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Removing Stress and Anxiety by Writing the Unwritten Rules

Jan 31, 2022

Business leaders, take a few minutes to reminisce about your first week at your current or last job. Ask yourself: What could have been communicated to me during my first week to reduce my stress and anxiety during my job?

Now, step into the shoes of those external or internal candidates you want to bring to your team.

Ask yourself: What can I communicate to them now to help reduce their stress and anxiety?

One way to do so is to develop a workplace wellness charter.

 Whether you’re working with a team of two or a department of hundreds, a set of norms helps create boundaries around work expectations. Such a charter is a short document and should be no more than one page.

Some of you might be thinking, “Mark, you’re crazy. There’s no way I can set guardrails around my work. I’m needed 24/7!”

I disagree. I’m challenging you to establish agreed-upon expectations with your team. Getting buy-in from your team will show leadership, demonstrate you care about their well-being, and ultimately could see a reduction in employee turnover, which will positively impact your company.

Topics to address in a charter include:

Creating a clear definition of “work hours.”

When I started my public relations career, I received permission from my manager to work from 7:30 a.m.-4:30 p.m. Pacific Time, so I could call media on the east coast before their deadlines and beat the afternoon traffic when commuting home.

What are the “core” business hours of your company? When should your team be expected to be available? For example, is it 9:00-11:00 a.m. and 1:00-4:00 p.m., and other times are flexible so team members can make personal arrangements to go to the doctor, pick up their children from school and eat lunch? What are the expectations for working on nights and weekends? Our profession isn’t 9:00 a.m.-5:00 p.m., but I’ve witnessed many people burnout because they believe they’re supposed to be available all day, every day. Are we genuinely available 24/7? Of course not, so discuss this with your team.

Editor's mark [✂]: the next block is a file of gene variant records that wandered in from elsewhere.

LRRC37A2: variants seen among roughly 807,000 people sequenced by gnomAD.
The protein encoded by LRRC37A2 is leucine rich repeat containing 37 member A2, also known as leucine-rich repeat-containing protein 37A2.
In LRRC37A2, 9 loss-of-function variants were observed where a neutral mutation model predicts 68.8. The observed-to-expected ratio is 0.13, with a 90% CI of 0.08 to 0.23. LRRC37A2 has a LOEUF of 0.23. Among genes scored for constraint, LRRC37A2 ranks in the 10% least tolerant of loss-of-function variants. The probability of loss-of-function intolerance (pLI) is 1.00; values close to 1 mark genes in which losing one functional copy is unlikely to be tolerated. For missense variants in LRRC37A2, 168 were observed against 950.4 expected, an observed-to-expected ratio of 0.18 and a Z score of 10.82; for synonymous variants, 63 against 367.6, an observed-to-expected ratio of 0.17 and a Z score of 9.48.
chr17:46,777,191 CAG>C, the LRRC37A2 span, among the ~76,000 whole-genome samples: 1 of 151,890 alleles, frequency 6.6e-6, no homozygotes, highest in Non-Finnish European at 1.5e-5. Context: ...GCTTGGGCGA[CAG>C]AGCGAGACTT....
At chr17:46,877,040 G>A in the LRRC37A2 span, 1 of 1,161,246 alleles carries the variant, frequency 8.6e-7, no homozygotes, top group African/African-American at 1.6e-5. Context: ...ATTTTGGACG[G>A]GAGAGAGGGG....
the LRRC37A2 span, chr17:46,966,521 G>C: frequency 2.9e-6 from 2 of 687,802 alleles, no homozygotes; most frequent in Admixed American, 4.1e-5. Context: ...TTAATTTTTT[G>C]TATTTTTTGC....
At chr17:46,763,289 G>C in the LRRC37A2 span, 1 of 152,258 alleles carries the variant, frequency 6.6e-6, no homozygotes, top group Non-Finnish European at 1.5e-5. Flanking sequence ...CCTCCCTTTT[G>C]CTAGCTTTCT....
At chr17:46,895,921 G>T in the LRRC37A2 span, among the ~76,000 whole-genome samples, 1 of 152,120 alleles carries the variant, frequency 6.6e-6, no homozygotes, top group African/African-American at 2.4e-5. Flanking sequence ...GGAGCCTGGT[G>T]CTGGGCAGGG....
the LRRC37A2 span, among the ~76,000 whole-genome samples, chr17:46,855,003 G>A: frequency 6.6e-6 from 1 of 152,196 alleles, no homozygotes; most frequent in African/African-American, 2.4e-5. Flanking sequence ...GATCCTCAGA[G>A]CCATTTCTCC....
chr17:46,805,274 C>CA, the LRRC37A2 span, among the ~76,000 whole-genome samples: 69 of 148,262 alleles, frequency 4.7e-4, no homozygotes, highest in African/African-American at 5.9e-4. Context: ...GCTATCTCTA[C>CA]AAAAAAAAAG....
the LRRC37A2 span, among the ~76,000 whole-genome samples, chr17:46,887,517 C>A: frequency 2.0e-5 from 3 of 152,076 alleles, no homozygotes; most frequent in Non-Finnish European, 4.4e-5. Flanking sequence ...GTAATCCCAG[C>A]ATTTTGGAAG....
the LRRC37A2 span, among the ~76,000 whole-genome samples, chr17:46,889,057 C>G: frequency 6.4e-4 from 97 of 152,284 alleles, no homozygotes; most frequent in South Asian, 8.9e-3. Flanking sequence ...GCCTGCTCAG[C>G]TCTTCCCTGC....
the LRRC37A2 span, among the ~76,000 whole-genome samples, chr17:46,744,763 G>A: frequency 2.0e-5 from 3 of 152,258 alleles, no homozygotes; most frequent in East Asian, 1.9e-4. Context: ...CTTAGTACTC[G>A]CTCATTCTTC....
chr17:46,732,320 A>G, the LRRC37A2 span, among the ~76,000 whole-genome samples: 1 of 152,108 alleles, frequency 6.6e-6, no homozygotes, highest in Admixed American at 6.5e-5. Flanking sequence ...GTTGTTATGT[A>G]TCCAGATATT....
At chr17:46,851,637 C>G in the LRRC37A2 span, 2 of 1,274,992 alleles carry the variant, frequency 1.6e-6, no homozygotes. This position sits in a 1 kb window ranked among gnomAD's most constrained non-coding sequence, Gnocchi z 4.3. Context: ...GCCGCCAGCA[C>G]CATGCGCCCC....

Establishing your core business days.

We are not taking our earned paid time off. Set guidelines to empower you and your team to take time off.

This message isn’t just for in-house and agency teams. Consultants, consider including your bill of working rights with your clients. One consultant told me they write in their contracts with clients they will not work between Christmas and the New Year. A great idea!

Building an actionable back-up plan.

How is your team ensuring their established schedules and boundaries will be respected? How is your team cross-trained and equipped to effectively back each other up when taking much-deserved time off? How does your team know their manager will ensure time off and boundaries are respected outside of the team? Make sure there is time scheduled on a routine basis to ensure your team is prepared to cover, not just in the case of emergency but also so your team can take guilt-free and well-deserved vacations!

Forming a defined purpose for scheduling and running meetings.

We are in too many meetings. Many are essential but too many are nonessential or poorly run. What is your team’s decision process for scheduling, deciding who attends, their role, and preparing them for a successful, strategic, and actionable meeting? Documenting this purpose for your team will go a long way to helping your colleagues reduce burnout.

Use this charter when onboarding new team members and in the interview process. Are you interviewing prospective candidates? Show them you are thinking about their well-being from day one by showing them this charter.

Finally, I’m not asking you to set formal policies. Make sure this is in concert with your company’s HR policies. Having a charter in place will improve morale and set yourself and your team up for personal and professional success.

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